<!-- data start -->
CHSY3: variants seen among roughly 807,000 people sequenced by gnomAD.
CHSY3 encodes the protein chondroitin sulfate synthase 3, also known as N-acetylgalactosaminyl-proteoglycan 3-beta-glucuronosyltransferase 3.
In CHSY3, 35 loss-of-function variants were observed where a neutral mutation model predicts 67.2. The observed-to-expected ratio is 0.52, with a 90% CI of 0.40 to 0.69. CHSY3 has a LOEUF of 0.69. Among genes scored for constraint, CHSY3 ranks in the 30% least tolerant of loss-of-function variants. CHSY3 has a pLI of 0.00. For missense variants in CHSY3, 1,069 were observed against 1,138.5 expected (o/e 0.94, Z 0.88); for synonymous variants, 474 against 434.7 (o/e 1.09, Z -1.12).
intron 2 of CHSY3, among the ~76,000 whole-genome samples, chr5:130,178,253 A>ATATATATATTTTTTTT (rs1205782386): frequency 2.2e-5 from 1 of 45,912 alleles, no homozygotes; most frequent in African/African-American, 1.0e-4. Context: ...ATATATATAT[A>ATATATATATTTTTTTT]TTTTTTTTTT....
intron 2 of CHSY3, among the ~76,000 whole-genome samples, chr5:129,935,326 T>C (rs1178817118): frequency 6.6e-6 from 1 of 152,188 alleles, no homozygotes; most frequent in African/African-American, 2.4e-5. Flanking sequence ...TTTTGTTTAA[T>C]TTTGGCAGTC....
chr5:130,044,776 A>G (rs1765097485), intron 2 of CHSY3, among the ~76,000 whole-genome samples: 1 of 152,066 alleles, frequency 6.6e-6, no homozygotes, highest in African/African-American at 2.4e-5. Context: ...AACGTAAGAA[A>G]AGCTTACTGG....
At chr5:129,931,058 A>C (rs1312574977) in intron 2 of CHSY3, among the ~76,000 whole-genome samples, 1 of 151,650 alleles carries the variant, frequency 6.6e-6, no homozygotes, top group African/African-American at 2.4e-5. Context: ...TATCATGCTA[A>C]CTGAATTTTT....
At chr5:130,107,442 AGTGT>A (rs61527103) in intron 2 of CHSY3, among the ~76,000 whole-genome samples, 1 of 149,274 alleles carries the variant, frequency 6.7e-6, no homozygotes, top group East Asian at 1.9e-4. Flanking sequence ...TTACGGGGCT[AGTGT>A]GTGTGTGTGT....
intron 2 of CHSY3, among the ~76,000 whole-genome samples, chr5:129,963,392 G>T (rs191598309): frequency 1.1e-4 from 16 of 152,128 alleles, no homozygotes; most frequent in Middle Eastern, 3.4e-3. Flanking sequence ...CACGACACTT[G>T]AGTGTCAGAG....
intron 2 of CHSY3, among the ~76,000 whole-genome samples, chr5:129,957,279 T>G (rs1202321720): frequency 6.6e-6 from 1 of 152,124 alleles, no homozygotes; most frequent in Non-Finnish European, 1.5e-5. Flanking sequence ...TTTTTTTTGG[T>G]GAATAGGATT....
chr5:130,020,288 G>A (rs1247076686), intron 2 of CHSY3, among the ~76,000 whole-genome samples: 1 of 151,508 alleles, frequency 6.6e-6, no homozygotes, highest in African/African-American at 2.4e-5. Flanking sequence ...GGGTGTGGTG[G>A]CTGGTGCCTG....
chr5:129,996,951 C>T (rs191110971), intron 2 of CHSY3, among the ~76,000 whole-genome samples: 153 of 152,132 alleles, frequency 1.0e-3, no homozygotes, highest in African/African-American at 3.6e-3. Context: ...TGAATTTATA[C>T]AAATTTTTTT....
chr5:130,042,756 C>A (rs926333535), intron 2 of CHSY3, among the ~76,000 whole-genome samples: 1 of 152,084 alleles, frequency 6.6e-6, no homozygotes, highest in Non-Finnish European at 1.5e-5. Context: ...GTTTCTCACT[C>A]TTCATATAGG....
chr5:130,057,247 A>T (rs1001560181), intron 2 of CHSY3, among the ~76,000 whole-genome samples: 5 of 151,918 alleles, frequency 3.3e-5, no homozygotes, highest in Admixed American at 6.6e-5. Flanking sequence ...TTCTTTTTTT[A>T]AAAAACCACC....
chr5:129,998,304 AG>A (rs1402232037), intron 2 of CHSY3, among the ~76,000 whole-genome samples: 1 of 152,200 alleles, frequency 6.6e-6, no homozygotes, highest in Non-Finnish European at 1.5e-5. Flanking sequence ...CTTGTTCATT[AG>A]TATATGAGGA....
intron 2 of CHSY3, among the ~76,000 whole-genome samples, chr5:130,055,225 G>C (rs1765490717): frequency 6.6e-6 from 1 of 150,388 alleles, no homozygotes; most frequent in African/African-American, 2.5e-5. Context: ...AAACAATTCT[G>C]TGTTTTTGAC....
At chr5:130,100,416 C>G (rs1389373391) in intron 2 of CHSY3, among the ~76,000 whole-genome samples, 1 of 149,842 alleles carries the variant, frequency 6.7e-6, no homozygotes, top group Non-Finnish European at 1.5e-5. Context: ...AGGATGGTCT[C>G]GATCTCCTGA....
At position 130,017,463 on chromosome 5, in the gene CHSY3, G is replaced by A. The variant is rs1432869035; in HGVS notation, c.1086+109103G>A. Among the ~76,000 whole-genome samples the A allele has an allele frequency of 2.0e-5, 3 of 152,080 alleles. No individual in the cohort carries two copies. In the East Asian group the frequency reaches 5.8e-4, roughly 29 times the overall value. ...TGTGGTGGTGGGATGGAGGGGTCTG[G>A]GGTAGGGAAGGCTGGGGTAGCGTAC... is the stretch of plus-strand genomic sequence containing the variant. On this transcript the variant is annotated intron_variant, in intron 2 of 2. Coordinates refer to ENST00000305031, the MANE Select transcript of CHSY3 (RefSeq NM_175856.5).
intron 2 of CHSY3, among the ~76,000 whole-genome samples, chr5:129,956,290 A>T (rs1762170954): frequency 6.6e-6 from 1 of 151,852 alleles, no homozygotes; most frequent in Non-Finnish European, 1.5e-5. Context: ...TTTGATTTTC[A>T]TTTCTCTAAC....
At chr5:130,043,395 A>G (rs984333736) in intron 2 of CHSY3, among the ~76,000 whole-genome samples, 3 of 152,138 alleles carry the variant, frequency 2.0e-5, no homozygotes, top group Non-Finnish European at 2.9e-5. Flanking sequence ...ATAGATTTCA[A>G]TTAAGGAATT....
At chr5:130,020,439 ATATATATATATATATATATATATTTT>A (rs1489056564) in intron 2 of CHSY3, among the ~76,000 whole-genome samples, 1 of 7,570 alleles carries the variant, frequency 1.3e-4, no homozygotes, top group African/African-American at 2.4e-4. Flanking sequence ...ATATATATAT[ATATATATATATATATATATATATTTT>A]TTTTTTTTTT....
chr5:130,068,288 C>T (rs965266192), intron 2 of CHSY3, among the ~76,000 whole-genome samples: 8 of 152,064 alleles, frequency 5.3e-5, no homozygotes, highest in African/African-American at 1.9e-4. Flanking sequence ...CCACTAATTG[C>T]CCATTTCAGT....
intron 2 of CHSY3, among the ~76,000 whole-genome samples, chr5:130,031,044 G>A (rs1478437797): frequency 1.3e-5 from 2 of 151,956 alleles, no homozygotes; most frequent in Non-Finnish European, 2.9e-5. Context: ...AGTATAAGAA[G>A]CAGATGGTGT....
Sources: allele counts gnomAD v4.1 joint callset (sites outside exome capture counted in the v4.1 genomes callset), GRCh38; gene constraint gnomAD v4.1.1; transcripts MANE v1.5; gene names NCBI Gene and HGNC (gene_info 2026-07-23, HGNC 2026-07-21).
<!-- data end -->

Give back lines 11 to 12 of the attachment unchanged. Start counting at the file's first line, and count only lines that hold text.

chr5:130,020,288 G>A (rs1247076686), intron 2 of CHSY3, among the ~76,000 whole-genome samples: 1 of 151,508 alleles, frequency 6.6e-6, no homozygotes, highest in African/African-American at 2.4e-5. Flanking sequence ...GGGTGTGGTG[G>A]CTGGTGCCTG....
chr5:129,996,951 C>T (rs191110971), intron 2 of CHSY3, among the ~76,000 whole-genome samples: 153 of 152,132 alleles, frequency 1.0e-3, no homozygotes, highest in African/African-American at 3.6e-3. Context: ...TGAATTTATA[C>T]AAATTTTTTT....